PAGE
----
The Biggest Thing in Journalism Might be Going Small
As the former goliaths of the newspaper industry of the past struggle for readership and financial stability, everyone knows a new path needs to emerge for a modern newspaper to survive.
Some think the way is doubling down on the bets they’ve taken. Modernize, streamline the newsroom, cut the fluff from the pages, get more work from the individuals involved. There are variants on that but they all boil down to trying to keep what made the papers great, cutting costs to improve profitability, minimize coverage on small towns and small topics, and slowly, carefully building back a readership.
Others imagine a future that is mostly digital. With the “long reads” a thing of the past, focusing on short content, packaged in easily-scanned, searched, saved and shared tidbits that get the gist of the story across. Be first with the breaking news, worry less about context. Embrace the Facebook and Twitter generation.
A third is somewhere in between, defined by taking a partisan stand on most things and emphasizing rhetoric and polemic over the once-heralded combination of “content and context”. It is a strange paradox, that taking an extreme position where the demographics say the total audience is small could mean the highest percentage market share in that segment is available, but for some it works. It just is not for everyone.
There is now, however, a fourth path, one quietly carved out by Joe Smyth, the son of a newsman himself, who has built his financially-stable modern newspaper “empire”, Independent Newsmedia Inc., also known as INI, by doing a number of things many would think are crazy.
Thing Number 1: The company’s newspapers are all locally laser-focused. No national or international news. No “breaking news”. No editorials or political endorsements. Like the detectives in the old TV series “Dragnet”, its reporters are looking for “just the facts”.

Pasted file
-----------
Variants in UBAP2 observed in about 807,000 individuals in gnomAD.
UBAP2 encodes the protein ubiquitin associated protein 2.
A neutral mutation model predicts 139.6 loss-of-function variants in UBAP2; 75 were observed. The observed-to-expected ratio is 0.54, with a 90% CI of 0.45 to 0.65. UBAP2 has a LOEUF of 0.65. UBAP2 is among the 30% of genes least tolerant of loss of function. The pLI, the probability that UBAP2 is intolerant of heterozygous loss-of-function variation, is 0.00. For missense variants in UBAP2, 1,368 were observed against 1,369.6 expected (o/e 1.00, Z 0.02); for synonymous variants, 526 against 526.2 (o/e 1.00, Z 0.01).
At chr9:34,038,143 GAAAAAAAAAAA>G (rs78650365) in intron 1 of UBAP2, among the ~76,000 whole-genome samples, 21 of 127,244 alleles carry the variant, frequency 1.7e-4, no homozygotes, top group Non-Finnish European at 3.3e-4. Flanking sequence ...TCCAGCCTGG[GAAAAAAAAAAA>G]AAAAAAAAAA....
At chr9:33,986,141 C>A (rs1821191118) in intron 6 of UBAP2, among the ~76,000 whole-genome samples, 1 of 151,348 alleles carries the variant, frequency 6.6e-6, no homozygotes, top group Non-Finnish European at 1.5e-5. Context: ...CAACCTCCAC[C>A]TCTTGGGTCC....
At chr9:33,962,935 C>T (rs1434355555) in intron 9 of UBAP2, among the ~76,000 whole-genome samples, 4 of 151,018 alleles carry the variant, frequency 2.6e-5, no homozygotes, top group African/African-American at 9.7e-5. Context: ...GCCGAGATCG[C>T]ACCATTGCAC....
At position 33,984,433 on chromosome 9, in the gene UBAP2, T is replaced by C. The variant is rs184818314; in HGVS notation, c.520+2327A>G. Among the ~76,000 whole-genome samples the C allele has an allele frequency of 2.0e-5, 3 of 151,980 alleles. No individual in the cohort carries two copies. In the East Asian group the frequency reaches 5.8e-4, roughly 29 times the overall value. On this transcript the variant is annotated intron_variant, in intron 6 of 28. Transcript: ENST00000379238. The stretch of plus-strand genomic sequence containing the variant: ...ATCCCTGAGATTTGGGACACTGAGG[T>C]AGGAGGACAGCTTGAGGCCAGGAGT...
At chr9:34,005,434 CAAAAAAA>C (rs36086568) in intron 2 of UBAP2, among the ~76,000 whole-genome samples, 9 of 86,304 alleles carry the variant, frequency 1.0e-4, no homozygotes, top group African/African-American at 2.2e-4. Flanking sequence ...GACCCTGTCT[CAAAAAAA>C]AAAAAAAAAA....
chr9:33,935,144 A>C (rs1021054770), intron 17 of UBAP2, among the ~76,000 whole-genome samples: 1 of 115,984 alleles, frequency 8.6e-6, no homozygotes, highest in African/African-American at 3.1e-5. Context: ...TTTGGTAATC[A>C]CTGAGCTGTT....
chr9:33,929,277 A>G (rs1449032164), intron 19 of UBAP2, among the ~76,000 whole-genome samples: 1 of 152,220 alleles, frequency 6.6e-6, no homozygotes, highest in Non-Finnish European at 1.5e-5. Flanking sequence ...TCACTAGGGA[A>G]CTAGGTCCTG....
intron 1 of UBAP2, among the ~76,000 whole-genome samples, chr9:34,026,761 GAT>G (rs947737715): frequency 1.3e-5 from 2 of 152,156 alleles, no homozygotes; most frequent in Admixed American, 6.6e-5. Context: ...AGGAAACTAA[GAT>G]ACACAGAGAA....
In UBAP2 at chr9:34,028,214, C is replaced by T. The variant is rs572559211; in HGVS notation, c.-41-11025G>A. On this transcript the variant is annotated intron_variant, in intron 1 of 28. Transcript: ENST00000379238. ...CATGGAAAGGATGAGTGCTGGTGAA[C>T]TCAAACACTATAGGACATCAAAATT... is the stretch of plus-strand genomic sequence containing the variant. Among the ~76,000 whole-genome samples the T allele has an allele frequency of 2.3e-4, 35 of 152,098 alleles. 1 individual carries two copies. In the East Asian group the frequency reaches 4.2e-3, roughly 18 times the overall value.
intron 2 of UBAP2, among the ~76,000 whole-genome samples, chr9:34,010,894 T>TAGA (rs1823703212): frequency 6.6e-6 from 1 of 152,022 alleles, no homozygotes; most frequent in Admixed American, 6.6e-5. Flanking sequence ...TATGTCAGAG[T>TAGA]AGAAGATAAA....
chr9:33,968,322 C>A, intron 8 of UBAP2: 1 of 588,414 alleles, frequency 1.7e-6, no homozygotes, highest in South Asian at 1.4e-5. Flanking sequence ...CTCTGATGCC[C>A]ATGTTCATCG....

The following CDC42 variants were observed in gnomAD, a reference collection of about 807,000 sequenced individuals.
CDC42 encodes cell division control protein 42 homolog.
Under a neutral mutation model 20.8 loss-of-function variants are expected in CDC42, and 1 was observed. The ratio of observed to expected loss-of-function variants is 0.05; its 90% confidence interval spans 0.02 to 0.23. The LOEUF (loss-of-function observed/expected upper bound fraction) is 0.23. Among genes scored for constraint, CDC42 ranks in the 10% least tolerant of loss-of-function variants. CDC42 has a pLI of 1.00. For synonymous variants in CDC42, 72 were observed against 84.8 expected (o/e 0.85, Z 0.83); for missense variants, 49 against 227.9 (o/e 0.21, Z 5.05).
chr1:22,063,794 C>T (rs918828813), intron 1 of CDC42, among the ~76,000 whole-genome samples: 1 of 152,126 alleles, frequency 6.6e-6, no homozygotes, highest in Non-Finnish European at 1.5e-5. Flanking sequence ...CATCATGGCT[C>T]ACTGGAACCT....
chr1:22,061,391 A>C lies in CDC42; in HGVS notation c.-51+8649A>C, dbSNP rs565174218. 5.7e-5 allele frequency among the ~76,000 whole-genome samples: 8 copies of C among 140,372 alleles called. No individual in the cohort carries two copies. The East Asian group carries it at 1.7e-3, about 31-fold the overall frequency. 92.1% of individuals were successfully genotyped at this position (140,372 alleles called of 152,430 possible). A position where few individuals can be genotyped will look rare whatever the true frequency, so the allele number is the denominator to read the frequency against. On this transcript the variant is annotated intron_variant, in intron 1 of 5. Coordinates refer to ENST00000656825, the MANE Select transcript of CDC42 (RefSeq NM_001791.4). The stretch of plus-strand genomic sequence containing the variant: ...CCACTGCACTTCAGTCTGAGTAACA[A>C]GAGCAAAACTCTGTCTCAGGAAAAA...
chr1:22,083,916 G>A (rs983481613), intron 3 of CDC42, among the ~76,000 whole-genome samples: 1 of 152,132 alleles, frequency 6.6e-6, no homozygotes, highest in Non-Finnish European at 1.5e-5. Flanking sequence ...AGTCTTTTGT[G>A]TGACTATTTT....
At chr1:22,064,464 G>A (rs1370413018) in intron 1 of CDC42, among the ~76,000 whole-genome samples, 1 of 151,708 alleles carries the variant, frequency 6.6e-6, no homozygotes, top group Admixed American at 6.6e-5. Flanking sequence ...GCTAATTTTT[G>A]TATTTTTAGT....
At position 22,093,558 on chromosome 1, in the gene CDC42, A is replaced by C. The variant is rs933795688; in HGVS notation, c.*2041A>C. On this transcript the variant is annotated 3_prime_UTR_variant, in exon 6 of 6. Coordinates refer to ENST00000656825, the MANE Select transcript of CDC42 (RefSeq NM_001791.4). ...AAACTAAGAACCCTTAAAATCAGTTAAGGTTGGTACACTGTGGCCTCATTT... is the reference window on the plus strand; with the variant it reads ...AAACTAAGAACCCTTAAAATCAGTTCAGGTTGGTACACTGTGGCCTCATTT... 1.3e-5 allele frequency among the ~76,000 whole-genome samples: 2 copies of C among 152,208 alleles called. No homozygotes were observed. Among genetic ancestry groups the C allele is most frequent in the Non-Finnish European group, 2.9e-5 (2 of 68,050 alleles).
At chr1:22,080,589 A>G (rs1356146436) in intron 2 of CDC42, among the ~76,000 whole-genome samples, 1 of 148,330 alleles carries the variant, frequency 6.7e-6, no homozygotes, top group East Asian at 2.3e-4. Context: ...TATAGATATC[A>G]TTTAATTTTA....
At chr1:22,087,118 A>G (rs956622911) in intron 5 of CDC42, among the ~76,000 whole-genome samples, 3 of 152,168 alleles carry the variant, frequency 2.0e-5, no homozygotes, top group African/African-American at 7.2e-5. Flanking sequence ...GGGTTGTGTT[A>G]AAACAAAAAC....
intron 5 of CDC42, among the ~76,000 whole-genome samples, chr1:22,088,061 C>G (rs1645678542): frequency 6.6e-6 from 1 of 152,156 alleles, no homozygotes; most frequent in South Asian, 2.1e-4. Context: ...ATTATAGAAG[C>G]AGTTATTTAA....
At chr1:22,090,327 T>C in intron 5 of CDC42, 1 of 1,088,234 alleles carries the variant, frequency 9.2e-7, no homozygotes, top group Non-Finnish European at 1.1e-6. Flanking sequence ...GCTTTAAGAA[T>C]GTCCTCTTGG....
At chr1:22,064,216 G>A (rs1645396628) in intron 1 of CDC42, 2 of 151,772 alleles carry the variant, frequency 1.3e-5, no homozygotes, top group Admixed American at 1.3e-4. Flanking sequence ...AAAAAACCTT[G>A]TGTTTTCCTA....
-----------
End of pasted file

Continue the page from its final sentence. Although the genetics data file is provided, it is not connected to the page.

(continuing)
Thing Number 2: Even though the economies of larger markets might seem a better choice, the 25 newspapers in Smyth’s company are very much smaller community papers. The company serves small markets in places such as Florida, Arizona, Delaware and Maryland, for example, and stays out of the big city markets.
Thing Number 3: The newspaper chain is owned by a non-profit, operating more or less as a public trust. But are these choices truly crazy? When you analyze each in turn, they are in fact some of the clearest wisest choices one might have made to not just survive but truly thrive in the field.
Thing 1, the “just the facts” approach, makes it easier to include the news that matters to a community, and at a lower cost overall, than longer more in-depth journalism might require.
Thing 2, the focus on the smaller communities fills in that very important gap the bigger papers left when they abandoned local coverage in favor of more involved national and international coverage.
The combination of Thing 1 and Thing 2 also has other benefits, such as eliminating the need for reporters traveling any major distance from home base and the ability to completely drop subscriptions to external national and international wire services. You want that kind of news, you can get it elsewhere, Joe Smyth and current INI CEO Ed Dulin figure.
What the newspapers do cover are community stories such as school fundraisers, a new business opening locally, individuals doing good for their towns. Things others might consider overly light in their nature. But it is not always that way. One of the group’s newspapers, The Salisbury Independent out of Maryland, last year did detailed and thoughtful reporting regarding the local opiate epidemic – and rightfully won a public service award for that coverage. The Okeechobee News, another of their papers, also won kudos for its coverage of local lake pollution, caused through a combination of agricultural runoff both from commercial enterprises and local homeowner lawn care, and leaky septic tanks. It drew interest of a kind only a local community could care about as much.